Peeling off snake skin

snake skin

Lewis is one of my favorite authors.  He had some quirks and issues, but his use of literature to paint pictures of Biblical truths is unparalleled.  In the Voyage of the Dawntreader, Lewis tackled one of the most difficult topics:  self righteousness.  He painted the picture of a young boy, Eustice, who had turned into a dragon.  He needed to bathe a hurt leg, but Aslan, the lion (the wise one), told him that he must first undress of the dragon skin before he could bathe and be healed.  Three times he peeled the top layer of skin off, only to see that there were more layers of scales and rough, wrinkly skin below.  He realized that he himself was incapable of digging deep enough to remove all of the dragon skin.

“Then the lion said — but I don’t know if it spoke — You will have to let me undress you.  I was afraid of his claws, I can tell you, but I was pretty nearly desperate now.  So I just lay flat down on my back to let him do it.

“The very first tear he made was so deep that I thought it had gone right into my heart.  And when he began pulling the skin off, it hurt worse than anything I’ve ever felt.  The only thing that made me able to bear it was jut the pleasure of feeling the stuff peel off.  You know — if you’ve ever picked the scab of a sore place.  It hurts like billy-oh but it is such fun to see it coming away.”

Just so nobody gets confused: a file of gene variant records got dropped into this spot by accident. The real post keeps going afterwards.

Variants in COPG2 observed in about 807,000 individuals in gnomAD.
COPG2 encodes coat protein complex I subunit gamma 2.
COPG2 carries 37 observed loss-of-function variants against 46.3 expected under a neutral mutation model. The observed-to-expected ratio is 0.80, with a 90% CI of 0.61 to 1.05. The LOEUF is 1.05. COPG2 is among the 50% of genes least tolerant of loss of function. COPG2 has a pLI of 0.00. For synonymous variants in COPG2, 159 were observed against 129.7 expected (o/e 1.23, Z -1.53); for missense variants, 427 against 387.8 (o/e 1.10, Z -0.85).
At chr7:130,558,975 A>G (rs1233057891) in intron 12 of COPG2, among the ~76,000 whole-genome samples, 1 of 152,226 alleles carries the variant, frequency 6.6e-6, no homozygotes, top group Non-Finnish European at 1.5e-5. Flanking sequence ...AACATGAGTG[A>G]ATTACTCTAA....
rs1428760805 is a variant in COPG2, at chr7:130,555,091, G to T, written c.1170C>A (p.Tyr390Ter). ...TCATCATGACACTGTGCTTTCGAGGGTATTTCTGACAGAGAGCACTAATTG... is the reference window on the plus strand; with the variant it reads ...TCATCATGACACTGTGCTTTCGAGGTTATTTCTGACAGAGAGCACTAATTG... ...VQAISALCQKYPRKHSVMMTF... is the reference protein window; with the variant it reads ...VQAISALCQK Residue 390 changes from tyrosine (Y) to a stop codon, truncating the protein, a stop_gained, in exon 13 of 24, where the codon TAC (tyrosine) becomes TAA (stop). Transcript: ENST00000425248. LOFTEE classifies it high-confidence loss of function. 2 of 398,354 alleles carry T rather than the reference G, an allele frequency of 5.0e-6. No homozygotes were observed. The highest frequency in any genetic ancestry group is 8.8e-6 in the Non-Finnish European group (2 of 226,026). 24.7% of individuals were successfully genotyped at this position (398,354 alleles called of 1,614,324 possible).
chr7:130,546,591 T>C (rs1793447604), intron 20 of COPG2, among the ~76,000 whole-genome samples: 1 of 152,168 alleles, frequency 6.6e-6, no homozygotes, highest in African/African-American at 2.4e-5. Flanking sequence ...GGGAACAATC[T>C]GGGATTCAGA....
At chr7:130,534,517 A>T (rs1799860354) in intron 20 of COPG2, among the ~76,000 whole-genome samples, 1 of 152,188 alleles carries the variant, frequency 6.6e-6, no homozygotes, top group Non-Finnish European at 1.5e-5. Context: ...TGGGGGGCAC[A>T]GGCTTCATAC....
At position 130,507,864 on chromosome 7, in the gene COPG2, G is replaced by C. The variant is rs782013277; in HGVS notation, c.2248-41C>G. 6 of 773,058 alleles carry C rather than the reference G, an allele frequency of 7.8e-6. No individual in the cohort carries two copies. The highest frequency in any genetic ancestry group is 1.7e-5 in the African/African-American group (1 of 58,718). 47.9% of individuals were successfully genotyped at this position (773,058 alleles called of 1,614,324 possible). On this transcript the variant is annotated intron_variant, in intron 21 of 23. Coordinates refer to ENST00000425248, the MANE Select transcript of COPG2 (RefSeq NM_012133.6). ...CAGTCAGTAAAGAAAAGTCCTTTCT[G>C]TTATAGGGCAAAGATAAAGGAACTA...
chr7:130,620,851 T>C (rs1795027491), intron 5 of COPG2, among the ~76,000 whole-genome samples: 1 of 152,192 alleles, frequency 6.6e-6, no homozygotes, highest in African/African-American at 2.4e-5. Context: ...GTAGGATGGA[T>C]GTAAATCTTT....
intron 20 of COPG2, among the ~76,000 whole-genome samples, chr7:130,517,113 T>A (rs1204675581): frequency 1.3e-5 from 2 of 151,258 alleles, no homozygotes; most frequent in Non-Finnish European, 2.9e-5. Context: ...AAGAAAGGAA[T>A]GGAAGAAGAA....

“I know exactly what you mean,” said Edmund.

“Well, he peeled the beastly stuff right off – just as I thought I’d done it myself the other three times, only they hadn’t hurt – and there it was lying on the grass, only ever so much thicker, and darker, and more knobbly-looking than the others had been. And there was I smooth and soft as a peeled switch and smaller than I had been. Then he caught hold of me – I didn’t like that much for I was very tender underneath now that I’d no skin on — and threw me into the water. It smarted like anything but only for a moment. After that it became perfectly delicious and as soon as I started swimming and splashing I found that all the pain had gone from my arm. And then I saw why. I’d turned into a boy again. . . .”

The picture is clear.  If we are snakes, we can shed our skin but that only gives us room to grow and reveals a deeper level of snakeliness.  We cannot fundamentally change who we are.  It takes God changing who we are by the very nature of our being.

This is the picture of that change God outlines for us:

“Moreover, I will give you a new heart and put a new spirit within you; and I will remove the heart of stone from your flesh and give you a heart of flesh.  I will put My Spirit within you and cause you to walk in My statutes, and you will be careful to observe My ordinances.”

– Ez 36.26-27